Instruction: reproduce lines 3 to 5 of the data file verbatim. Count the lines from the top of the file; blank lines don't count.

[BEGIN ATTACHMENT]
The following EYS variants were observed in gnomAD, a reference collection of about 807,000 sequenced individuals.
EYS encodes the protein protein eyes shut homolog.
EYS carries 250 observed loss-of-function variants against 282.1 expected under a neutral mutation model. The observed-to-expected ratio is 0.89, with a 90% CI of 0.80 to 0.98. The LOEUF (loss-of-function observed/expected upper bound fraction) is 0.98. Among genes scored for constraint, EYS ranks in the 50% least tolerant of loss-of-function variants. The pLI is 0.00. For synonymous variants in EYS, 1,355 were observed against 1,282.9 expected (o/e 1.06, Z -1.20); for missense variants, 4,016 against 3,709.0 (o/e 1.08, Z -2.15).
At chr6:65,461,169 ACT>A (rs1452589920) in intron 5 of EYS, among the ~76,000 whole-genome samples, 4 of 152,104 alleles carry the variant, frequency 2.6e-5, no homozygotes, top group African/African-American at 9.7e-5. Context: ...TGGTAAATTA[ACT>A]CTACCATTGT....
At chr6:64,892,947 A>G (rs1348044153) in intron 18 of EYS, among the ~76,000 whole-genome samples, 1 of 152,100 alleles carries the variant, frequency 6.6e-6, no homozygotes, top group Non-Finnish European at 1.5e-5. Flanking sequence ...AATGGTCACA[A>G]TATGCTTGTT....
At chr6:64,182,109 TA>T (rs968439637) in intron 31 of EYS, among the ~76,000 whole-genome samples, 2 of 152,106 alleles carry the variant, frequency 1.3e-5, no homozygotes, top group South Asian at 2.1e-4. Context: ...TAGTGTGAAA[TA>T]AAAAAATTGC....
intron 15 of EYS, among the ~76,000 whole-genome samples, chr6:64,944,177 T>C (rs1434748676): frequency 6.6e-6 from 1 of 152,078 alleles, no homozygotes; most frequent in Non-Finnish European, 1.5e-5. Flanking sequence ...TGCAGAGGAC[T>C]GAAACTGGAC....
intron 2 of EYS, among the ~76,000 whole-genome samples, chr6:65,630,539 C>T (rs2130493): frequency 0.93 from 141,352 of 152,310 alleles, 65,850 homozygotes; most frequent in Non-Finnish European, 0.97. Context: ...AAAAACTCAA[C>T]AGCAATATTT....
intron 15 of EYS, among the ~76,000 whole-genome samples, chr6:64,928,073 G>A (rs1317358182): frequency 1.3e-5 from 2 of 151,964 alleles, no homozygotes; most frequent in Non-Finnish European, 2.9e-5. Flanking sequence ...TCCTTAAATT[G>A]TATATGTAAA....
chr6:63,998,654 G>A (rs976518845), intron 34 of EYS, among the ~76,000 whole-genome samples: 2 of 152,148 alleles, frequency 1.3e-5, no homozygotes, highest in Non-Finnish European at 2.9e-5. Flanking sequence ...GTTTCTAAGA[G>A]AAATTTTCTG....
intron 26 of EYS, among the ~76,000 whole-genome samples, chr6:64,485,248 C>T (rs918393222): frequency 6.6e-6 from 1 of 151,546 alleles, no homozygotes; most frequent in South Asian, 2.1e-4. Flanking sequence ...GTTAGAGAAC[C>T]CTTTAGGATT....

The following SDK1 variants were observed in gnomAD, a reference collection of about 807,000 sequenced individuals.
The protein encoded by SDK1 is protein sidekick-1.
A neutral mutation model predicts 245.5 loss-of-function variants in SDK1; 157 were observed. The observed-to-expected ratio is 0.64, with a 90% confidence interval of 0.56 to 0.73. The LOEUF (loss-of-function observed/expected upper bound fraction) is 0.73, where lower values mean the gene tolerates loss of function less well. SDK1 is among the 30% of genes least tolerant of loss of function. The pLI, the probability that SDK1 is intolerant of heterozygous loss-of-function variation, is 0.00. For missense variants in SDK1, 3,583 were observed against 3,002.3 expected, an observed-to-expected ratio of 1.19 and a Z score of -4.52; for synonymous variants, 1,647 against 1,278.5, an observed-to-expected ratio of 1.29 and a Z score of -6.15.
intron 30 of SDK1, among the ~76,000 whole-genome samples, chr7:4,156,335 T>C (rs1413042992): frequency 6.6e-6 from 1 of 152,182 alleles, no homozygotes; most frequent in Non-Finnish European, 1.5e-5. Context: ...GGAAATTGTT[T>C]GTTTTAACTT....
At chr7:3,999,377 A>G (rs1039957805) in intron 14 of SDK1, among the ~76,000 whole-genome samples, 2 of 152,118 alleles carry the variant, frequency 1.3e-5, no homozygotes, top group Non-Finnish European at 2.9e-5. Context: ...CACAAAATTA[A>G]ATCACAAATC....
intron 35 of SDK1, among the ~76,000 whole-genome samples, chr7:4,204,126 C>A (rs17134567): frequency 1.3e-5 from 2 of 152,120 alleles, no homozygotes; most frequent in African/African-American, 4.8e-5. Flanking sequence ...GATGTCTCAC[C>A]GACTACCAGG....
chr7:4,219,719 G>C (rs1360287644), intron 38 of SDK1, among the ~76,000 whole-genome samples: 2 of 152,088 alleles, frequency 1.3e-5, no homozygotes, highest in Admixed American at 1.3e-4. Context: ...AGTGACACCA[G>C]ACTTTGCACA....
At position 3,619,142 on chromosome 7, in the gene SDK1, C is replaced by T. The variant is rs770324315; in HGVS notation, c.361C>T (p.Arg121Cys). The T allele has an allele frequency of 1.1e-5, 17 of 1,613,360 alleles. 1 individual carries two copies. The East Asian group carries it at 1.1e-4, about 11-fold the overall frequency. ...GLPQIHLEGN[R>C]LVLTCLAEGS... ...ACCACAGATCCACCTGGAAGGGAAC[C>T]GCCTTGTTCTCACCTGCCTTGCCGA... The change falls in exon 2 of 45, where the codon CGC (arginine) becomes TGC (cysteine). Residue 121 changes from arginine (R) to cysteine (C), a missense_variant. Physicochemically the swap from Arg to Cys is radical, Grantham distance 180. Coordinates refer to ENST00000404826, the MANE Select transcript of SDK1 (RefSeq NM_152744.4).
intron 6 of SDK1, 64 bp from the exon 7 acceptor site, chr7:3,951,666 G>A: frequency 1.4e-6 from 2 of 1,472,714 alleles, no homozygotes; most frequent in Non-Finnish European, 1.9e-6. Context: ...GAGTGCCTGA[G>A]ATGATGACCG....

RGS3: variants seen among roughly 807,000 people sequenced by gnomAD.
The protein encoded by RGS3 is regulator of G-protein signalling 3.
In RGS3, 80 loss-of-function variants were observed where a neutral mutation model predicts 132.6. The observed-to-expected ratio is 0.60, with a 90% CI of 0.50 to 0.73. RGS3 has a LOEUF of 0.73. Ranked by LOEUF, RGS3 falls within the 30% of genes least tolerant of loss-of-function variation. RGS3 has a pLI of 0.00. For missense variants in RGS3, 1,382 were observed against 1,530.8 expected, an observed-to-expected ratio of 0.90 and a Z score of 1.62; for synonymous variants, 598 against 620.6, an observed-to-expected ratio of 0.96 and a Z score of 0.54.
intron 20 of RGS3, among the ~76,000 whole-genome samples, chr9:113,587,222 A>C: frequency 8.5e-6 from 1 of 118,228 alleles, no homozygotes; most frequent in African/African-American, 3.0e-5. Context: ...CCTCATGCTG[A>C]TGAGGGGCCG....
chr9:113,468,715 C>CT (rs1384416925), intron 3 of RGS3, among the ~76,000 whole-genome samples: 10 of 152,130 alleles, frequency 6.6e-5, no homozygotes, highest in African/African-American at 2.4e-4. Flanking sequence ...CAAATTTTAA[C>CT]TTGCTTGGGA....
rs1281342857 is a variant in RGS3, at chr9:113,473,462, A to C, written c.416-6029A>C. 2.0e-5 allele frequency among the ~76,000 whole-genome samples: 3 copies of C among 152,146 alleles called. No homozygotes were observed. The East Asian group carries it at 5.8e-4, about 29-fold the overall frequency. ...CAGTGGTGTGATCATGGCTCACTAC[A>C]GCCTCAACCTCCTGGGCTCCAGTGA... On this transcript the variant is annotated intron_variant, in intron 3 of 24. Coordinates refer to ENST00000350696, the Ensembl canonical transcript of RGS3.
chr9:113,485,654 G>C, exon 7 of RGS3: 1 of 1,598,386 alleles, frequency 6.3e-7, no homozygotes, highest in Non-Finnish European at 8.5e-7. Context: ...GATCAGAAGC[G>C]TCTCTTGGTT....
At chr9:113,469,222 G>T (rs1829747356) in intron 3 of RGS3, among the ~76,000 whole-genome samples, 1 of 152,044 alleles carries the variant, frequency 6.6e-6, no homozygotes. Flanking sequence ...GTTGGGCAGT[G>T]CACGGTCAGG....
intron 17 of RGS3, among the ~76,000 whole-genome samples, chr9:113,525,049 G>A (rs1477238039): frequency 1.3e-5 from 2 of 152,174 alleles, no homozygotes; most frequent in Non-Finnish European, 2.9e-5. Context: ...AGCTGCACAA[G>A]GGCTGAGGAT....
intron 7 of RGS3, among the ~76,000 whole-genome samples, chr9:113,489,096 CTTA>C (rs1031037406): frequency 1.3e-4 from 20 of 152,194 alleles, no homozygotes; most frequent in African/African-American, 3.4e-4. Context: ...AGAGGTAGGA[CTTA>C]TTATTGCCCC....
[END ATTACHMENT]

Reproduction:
EYS carries 250 observed loss-of-function variants against 282.1 expected under a neutral mutation model. The observed-to-expected ratio is 0.89, with a 90% CI of 0.80 to 0.98. The LOEUF (loss-of-function observed/expected upper bound fraction) is 0.98. Among genes scored for constraint, EYS ranks in the 50% least tolerant of loss-of-function variants. The pLI is 0.00. For synonymous variants in EYS, 1,355 were observed against 1,282.9 expected (o/e 1.06, Z -1.20); for missense variants, 4,016 against 3,709.0 (o/e 1.08, Z -2.15).
At chr6:65,461,169 ACT>A (rs1452589920) in intron 5 of EYS, among the ~76,000 whole-genome samples, 4 of 152,104 alleles carry the variant, frequency 2.6e-5, no homozygotes, top group African/African-American at 9.7e-5. Context: ...TGGTAAATTA[ACT>A]CTACCATTGT....
At chr6:64,892,947 A>G (rs1348044153) in intron 18 of EYS, among the ~76,000 whole-genome samples, 1 of 152,100 alleles carries the variant, frequency 6.6e-6, no homozygotes, top group Non-Finnish European at 1.5e-5. Flanking sequence ...AATGGTCACA[A>G]TATGCTTGTT....